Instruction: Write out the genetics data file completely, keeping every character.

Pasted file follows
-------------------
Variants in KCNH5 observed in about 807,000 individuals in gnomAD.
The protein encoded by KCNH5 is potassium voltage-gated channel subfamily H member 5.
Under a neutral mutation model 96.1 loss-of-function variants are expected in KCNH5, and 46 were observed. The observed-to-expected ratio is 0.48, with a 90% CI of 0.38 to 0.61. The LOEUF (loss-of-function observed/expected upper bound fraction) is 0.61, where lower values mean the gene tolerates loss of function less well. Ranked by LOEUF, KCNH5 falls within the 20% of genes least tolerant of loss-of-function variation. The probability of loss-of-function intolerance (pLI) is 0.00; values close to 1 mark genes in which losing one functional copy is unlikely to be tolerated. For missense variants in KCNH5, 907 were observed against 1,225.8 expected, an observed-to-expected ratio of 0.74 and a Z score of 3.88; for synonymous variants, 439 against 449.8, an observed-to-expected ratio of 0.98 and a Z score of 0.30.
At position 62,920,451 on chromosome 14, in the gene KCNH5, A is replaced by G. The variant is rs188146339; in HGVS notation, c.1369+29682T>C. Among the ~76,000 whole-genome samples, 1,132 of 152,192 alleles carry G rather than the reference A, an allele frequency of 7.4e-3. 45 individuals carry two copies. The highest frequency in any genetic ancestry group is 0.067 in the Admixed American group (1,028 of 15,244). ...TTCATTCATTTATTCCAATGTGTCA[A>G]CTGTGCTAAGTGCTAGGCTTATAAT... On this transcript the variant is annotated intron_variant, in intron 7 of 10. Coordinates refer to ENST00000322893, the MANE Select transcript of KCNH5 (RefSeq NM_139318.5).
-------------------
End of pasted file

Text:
Variants in KCNH5 observed in about 807,000 individuals in gnomAD.
The protein encoded by KCNH5 is potassium voltage-gated channel subfamily H member 5.
Under a neutral mutation model 96.1 loss-of-function variants are expected in KCNH5, and 46 were observed. The observed-to-expected ratio is 0.48, with a 90% CI of 0.38 to 0.61. The LOEUF (loss-of-function observed/expected upper bound fraction) is 0.61, where lower values mean the gene tolerates loss of function less well. Ranked by LOEUF, KCNH5 falls within the 20% of genes least tolerant of loss-of-function variation. The probability of loss-of-function intolerance (pLI) is 0.00; values close to 1 mark genes in which losing one functional copy is unlikely to be tolerated. For missense variants in KCNH5, 907 were observed against 1,225.8 expected, an observed-to-expected ratio of 0.74 and a Z score of 3.88; for synonymous variants, 439 against 449.8, an observed-to-expected ratio of 0.98 and a Z score of 0.30.
At position 62,920,451 on chromosome 14, in the gene KCNH5, A is replaced by G. The variant is rs188146339; in HGVS notation, c.1369+29682T>C. Among the ~76,000 whole-genome samples, 1,132 of 152,192 alleles carry G rather than the reference A, an allele frequency of 7.4e-3. 45 individuals carry two copies. The highest frequency in any genetic ancestry group is 0.067 in the Admixed American group (1,028 of 15,244). ...TTCATTCATTTATTCCAATGTGTCA[A>G]CTGTGCTAAGTGCTAGGCTTATAAT... On this transcript the variant is annotated intron_variant, in intron 7 of 10. Coordinates refer to ENST00000322893, the MANE Select transcript of KCNH5 (RefSeq NM_139318.5).